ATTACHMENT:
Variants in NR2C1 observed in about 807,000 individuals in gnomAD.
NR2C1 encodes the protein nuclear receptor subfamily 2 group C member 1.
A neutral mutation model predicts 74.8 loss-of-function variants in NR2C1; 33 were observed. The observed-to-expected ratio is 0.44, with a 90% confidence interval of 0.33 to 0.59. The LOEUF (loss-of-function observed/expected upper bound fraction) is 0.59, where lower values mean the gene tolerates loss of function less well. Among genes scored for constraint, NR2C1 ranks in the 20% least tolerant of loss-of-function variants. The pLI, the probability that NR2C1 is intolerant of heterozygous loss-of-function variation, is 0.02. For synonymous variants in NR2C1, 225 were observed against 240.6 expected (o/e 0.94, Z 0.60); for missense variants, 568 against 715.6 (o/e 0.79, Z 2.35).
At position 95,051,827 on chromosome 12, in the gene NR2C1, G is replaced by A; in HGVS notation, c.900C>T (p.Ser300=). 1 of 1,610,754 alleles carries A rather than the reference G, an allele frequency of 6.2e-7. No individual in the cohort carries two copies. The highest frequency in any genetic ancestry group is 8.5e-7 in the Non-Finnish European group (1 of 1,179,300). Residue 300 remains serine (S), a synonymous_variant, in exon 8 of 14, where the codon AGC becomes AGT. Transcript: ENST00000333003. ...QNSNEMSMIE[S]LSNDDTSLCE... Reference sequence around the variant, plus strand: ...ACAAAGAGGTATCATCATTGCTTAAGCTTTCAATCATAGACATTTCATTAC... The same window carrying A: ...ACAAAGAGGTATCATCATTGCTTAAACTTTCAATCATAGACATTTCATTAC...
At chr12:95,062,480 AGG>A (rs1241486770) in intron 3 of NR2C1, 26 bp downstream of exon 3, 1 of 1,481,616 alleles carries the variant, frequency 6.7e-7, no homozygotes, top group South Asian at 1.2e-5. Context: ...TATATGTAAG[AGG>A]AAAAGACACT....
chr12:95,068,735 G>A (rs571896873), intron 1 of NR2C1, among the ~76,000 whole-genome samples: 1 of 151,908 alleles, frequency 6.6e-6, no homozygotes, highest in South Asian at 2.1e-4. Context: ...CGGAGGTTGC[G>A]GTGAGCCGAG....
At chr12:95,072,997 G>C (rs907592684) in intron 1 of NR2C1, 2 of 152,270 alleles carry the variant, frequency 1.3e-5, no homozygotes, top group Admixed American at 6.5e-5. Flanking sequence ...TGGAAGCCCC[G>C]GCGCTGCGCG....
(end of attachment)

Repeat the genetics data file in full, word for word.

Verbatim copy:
Variants in NR2C1 observed in about 807,000 individuals in gnomAD.
NR2C1 encodes the protein nuclear receptor subfamily 2 group C member 1.
A neutral mutation model predicts 74.8 loss-of-function variants in NR2C1; 33 were observed. The observed-to-expected ratio is 0.44, with a 90% confidence interval of 0.33 to 0.59. The LOEUF (loss-of-function observed/expected upper bound fraction) is 0.59, where lower values mean the gene tolerates loss of function less well. Among genes scored for constraint, NR2C1 ranks in the 20% least tolerant of loss-of-function variants. The pLI, the probability that NR2C1 is intolerant of heterozygous loss-of-function variation, is 0.02. For synonymous variants in NR2C1, 225 were observed against 240.6 expected (o/e 0.94, Z 0.60); for missense variants, 568 against 715.6 (o/e 0.79, Z 2.35).
At position 95,051,827 on chromosome 12, in the gene NR2C1, G is replaced by A; in HGVS notation, c.900C>T (p.Ser300=). 1 of 1,610,754 alleles carries A rather than the reference G, an allele frequency of 6.2e-7. No individual in the cohort carries two copies. The highest frequency in any genetic ancestry group is 8.5e-7 in the Non-Finnish European group (1 of 1,179,300). Residue 300 remains serine (S), a synonymous_variant, in exon 8 of 14, where the codon AGC becomes AGT. Transcript: ENST00000333003. ...QNSNEMSMIE[S]LSNDDTSLCE... Reference sequence around the variant, plus strand: ...ACAAAGAGGTATCATCATTGCTTAAGCTTTCAATCATAGACATTTCATTAC... The same window carrying A: ...ACAAAGAGGTATCATCATTGCTTAAACTTTCAATCATAGACATTTCATTAC...
At chr12:95,062,480 AGG>A (rs1241486770) in intron 3 of NR2C1, 26 bp downstream of exon 3, 1 of 1,481,616 alleles carries the variant, frequency 6.7e-7, no homozygotes, top group South Asian at 1.2e-5. Context: ...TATATGTAAG[AGG>A]AAAAGACACT....
chr12:95,068,735 G>A (rs571896873), intron 1 of NR2C1, among the ~76,000 whole-genome samples: 1 of 151,908 alleles, frequency 6.6e-6, no homozygotes, highest in South Asian at 2.1e-4. Context: ...CGGAGGTTGC[G>A]GTGAGCCGAG....
At chr12:95,072,997 G>C (rs907592684) in intron 1 of NR2C1, 2 of 152,270 alleles carry the variant, frequency 1.3e-5, no homozygotes, top group Admixed American at 6.5e-5. Flanking sequence ...TGGAAGCCCC[G>C]GCGCTGCGCG....